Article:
Sir Neville Marriner, one of the world’s greatest conductors, has died aged 92. He is probably most strongly associated with theAcademy of St Martin in the Fields, which he founded in 1958. The academy initially consisted of twelve players who met to rehearse in Neville’s front room and took their name from the church in which they gave their first performance. The academy soon expanded into a chamber orchestra of astounding reputation, of which Marriner became life president in 2011.
The first recordings of Sir Neville Marriner and the academy, dating from the 1960s, featured Marriner playing violin as well as conducting. Having studied conducting with Pierre Monteaux in Maine, Marriner soon shifted his focus wholeheartedly to conducting. His partnership with the Academy of St. Martin in the Fields came to be one of the most outstanding in the history of recording for its quantity of recordings and not least for the calibre of the players, which have become renowned as one of the world’s leading chamber orchestras.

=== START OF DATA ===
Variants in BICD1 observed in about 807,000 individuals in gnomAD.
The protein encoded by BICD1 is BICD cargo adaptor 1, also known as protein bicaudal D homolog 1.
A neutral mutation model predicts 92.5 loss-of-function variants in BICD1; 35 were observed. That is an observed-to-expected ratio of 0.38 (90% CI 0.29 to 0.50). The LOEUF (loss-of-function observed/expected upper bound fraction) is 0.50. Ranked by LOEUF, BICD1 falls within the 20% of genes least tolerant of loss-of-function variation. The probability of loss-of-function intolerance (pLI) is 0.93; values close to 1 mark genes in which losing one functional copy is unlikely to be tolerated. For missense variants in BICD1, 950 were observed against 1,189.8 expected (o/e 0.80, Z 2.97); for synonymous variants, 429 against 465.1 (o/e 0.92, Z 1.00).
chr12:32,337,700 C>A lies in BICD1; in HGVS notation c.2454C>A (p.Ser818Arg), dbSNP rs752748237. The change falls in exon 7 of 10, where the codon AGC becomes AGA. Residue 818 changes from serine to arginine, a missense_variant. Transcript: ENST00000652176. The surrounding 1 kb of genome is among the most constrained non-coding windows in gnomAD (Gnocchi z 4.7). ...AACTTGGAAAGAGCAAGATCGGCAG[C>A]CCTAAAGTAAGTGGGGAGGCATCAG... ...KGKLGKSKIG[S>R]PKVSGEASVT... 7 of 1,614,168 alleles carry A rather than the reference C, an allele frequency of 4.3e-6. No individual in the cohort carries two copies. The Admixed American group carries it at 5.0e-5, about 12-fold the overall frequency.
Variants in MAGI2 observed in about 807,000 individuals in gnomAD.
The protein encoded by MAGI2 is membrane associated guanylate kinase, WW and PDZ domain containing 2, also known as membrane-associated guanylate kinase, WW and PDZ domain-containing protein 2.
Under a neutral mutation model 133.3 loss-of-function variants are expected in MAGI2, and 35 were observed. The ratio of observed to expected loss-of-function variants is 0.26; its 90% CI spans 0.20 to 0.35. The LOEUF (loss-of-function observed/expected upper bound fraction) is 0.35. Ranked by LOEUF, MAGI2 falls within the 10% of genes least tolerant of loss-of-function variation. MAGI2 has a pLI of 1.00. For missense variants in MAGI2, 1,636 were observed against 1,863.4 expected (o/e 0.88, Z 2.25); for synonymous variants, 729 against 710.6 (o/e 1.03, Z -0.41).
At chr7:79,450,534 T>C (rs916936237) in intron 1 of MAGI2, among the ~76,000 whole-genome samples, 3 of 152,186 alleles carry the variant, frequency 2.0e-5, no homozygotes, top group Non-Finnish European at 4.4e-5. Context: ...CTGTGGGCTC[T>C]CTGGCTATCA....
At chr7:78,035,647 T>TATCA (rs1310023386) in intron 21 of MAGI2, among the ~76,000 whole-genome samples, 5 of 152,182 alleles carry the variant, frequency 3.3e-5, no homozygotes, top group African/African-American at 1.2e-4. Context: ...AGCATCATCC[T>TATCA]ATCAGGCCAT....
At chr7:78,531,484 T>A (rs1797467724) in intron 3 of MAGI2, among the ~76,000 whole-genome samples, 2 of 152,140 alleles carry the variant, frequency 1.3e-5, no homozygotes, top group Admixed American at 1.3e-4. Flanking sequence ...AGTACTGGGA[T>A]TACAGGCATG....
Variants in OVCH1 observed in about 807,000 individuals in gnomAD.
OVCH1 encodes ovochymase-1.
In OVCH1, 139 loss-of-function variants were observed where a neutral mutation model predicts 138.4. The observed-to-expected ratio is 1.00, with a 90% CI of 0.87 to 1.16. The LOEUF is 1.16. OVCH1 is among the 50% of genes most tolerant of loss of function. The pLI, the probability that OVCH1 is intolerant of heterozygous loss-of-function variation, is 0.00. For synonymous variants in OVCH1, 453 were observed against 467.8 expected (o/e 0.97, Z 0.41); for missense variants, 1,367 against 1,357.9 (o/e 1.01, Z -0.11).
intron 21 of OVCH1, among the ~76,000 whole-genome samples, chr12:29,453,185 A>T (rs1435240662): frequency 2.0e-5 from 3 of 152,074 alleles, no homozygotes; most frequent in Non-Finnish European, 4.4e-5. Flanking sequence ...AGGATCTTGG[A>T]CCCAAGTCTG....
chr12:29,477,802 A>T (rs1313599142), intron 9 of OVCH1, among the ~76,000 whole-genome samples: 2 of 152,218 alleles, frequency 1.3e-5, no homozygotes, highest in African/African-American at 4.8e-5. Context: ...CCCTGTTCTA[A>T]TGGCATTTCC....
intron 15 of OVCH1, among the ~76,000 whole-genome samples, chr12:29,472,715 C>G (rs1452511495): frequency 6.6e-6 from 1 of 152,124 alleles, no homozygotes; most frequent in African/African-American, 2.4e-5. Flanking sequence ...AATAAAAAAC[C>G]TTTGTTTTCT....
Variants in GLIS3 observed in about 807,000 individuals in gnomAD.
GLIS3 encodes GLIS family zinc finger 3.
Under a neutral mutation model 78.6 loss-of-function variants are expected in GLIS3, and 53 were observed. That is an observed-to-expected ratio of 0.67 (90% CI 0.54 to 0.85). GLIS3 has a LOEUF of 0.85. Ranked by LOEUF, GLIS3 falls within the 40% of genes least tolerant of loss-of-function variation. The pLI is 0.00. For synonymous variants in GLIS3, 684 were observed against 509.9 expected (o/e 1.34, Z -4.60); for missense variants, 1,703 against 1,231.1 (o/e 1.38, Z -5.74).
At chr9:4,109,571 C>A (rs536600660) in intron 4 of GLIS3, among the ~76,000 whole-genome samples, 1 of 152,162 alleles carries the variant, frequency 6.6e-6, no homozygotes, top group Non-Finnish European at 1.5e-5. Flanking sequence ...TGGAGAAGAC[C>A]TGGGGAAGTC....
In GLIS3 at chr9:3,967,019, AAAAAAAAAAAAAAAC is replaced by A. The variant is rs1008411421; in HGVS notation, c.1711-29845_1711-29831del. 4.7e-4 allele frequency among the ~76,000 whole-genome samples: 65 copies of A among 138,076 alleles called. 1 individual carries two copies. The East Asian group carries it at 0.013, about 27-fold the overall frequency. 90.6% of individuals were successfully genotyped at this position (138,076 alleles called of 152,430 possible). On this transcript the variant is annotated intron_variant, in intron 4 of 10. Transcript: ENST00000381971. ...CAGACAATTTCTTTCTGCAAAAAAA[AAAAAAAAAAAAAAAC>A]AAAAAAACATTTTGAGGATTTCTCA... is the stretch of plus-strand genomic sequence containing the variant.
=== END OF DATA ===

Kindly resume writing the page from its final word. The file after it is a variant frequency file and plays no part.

Neville Marriner was the first ever music director of the Los Angeles Chamber Orchestraand later became music director and principal conductor of both the Minneapolis Symphony Orchestra and the Südwest Deutsche Radio Orchestra.
Marriner’s recording output, in partnership withPENTATONE, Philips, EMI Classics, Argo and L'Oisseau Lyre reached the 600 mark, covering over 2,000 different works, ranging from Baroque to 20th century. He conducted the soundtrack to the cult movie Amadeus, which sold over 6.5 million copies.